If you told Simpsons fans from my hypothetical 1998 that 15 years later they could turn on the television and watch a show called “The Simpsons,” with characters that look almost exactly as the ones they know, only slightly more polished (The animation’s digital now!) and with voices that, while recognizable, sound ever so slightly off (Did they get all the original voice actors back? Are they all still alive? Maybe they forgot how to do the voices?), and credits that feature some familiar names but also a lot of new ones — they wouldn’t be surprised. They brought back “Lost in Space,” for Pete’s sake! Of course they’d bring back “The Simpsons.”

Would they like the reboot? Who knows. Probably not, but they wouldn’t really care, either way. They would recognize that it’s a different show, for a different audience. For a different time. A different mindset.

I don’t think they’d give it much thought. They have their Simpsons, this decade has theirs. General consensus would probably be that Classic Simpsons is better than New Simpsons. There’d be debates online, of course. But in general everybody would understand that none if it really matters. Certainly no one would devise an elaborate tournament that includes individual episodes of both distinctive shows.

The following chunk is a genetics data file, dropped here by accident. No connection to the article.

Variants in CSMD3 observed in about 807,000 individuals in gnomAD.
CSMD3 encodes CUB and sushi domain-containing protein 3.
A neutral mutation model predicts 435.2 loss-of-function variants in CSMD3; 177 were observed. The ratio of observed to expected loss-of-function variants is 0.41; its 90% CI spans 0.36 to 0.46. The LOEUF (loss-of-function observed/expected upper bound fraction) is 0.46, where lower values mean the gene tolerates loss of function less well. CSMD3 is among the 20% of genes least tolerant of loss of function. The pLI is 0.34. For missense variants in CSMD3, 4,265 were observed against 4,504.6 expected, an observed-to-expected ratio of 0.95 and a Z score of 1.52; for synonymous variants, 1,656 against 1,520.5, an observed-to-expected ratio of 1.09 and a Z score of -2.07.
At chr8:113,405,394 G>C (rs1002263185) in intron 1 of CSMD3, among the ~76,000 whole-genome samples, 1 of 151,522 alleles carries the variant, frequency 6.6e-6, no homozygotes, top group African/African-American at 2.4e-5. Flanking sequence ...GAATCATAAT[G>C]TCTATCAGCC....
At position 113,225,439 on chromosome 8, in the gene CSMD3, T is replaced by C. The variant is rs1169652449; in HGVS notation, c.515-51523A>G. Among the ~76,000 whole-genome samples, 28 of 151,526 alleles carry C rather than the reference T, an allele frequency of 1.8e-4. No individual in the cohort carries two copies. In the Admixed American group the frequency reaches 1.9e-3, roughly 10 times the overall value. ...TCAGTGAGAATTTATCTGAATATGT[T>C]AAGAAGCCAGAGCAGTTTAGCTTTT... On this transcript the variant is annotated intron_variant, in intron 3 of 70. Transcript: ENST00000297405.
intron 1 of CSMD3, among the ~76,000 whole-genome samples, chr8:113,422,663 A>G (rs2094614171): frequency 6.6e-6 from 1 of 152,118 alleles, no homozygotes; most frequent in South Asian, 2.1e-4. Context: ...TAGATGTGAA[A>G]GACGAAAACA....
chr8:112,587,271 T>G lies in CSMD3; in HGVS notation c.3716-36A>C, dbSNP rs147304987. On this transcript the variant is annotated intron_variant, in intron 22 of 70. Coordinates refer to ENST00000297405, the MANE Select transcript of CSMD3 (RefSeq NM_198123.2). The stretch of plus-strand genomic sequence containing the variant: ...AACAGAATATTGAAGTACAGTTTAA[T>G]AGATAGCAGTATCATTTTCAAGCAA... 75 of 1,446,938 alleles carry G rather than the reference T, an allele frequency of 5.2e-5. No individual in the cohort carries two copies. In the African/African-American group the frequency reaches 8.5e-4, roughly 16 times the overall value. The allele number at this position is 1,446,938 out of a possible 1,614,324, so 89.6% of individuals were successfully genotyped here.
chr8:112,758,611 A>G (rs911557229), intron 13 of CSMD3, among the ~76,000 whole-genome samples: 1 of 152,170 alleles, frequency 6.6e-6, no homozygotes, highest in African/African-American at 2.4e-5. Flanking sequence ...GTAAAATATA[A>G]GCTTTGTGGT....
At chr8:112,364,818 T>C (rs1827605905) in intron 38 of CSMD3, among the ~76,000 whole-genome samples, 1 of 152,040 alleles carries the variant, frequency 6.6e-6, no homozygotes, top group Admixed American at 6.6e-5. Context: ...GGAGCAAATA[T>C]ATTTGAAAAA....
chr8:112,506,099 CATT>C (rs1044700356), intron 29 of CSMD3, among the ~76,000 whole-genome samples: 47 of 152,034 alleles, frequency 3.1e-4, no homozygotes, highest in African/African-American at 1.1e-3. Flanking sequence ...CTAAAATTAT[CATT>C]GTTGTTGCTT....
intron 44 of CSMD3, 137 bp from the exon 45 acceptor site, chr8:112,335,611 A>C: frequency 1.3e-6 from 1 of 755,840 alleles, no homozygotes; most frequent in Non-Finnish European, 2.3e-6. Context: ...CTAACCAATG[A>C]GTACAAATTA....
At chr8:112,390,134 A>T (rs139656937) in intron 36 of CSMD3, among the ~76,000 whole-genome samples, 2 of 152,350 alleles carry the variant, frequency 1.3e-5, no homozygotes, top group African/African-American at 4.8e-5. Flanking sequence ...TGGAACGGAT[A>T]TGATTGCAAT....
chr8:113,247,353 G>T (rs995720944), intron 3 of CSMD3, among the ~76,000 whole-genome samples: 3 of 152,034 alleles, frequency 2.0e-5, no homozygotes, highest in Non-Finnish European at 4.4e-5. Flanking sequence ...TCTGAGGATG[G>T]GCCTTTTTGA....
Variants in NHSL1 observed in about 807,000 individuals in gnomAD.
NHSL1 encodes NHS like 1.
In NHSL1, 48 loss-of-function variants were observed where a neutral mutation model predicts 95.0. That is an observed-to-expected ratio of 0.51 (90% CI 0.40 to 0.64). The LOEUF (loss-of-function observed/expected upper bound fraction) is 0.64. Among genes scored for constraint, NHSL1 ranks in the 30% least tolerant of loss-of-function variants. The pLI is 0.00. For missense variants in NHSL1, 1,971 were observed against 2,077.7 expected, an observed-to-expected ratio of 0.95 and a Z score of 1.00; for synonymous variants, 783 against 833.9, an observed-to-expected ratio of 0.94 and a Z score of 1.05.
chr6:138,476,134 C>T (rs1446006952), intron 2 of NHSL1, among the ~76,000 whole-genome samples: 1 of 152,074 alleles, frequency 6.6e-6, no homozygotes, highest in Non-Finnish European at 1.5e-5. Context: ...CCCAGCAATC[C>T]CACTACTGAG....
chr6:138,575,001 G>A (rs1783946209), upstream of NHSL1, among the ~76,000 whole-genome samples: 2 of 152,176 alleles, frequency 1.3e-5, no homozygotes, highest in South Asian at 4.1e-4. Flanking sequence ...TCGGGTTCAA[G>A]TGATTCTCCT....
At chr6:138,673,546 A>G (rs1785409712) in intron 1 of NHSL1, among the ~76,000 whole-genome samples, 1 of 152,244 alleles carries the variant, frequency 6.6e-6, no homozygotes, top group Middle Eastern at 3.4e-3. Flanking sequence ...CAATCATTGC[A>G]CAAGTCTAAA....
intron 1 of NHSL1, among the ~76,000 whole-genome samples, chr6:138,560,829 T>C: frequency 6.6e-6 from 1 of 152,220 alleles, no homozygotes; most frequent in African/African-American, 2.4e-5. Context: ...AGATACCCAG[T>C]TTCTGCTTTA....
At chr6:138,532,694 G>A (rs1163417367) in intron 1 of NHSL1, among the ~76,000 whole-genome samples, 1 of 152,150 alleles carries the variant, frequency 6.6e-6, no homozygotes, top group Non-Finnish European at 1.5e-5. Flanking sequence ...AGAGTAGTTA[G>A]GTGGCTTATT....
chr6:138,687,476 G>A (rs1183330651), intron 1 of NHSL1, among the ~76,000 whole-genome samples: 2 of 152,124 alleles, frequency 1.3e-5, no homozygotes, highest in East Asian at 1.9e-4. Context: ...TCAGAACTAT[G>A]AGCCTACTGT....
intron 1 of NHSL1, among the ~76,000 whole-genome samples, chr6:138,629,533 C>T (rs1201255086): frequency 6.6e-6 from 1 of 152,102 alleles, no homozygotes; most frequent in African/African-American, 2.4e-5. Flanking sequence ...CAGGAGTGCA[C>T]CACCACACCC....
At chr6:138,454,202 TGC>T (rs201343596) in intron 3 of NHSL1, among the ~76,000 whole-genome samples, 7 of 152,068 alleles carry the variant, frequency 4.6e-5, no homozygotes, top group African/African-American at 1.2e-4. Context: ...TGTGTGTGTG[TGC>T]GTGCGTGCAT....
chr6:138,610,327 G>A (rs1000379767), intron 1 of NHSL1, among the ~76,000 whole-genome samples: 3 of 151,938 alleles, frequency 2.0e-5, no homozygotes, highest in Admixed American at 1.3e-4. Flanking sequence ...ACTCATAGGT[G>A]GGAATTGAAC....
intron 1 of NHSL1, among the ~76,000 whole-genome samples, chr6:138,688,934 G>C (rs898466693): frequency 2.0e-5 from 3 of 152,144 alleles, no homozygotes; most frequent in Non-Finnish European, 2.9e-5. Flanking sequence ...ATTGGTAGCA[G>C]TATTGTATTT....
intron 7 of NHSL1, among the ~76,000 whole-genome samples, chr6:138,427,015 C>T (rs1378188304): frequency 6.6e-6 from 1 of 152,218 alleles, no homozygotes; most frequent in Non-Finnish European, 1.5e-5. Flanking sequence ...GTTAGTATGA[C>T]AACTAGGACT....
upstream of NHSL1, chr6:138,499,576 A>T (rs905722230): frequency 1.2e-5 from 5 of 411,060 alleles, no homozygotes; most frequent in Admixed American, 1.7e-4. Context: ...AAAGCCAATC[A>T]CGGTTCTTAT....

That would be like a tournament set up to find one person’s “favorite episode of Cheers or Family Ties.”

I’ll get further into all of this and what it means for the tournament in a few weeks, after round 128 (and the 256th-finale). Until then, let’s compare some apples and oranges.

 

Round 113: 2F06 vs. FABF11.

2F06: “Homer Badman” (Season 6 / November 27, 1994)
Written by Greg Daniels
Directed by Jeff Lynch
Showrunner: David Mirkin

Homer Simpson curled up in bed watching The Late Show with David Letterman

I’m not a huge fan of this episode’s first act, but once the media satire kicks in I’m fully on board. The portrayal of 24 hour news coverage, wild speculation and valuing entertainment over information may seem tame today, but when this aired 20 years ago it the dramatic escalation of events was considered more a cautionary tale than an accurate depiction. If only they’d listened.

  • - ” ♫ There’ll be no accusations, just friendly crustaceans — under the sea! ♫ “

FABF11: “The Wandering Juvie” (Season 15 / March 28, 2004)
Written by John Frink & Don Payne
Directed by Lauren MacMullan
Showrunner: Al Jean

Blacksmith

Not even a minute in and Homer gets trampled on by a horde of shoppers. Heels in the eyes and everything. I’ve covered before how I hate that physically abusing Homer got to be more and more a go to for cheap laughs as the seasons reached double digits. Only I’m not laughing.

The rest of the episode’s not any funnier, but it’s not the worst thing I’ve ever seen or anything. Charles Napier and Sarah Michelle Gellar do a good job as guest actors and there are a couple of nice-looking shots here and there.

The winner: 2F06, “Homer Badman.”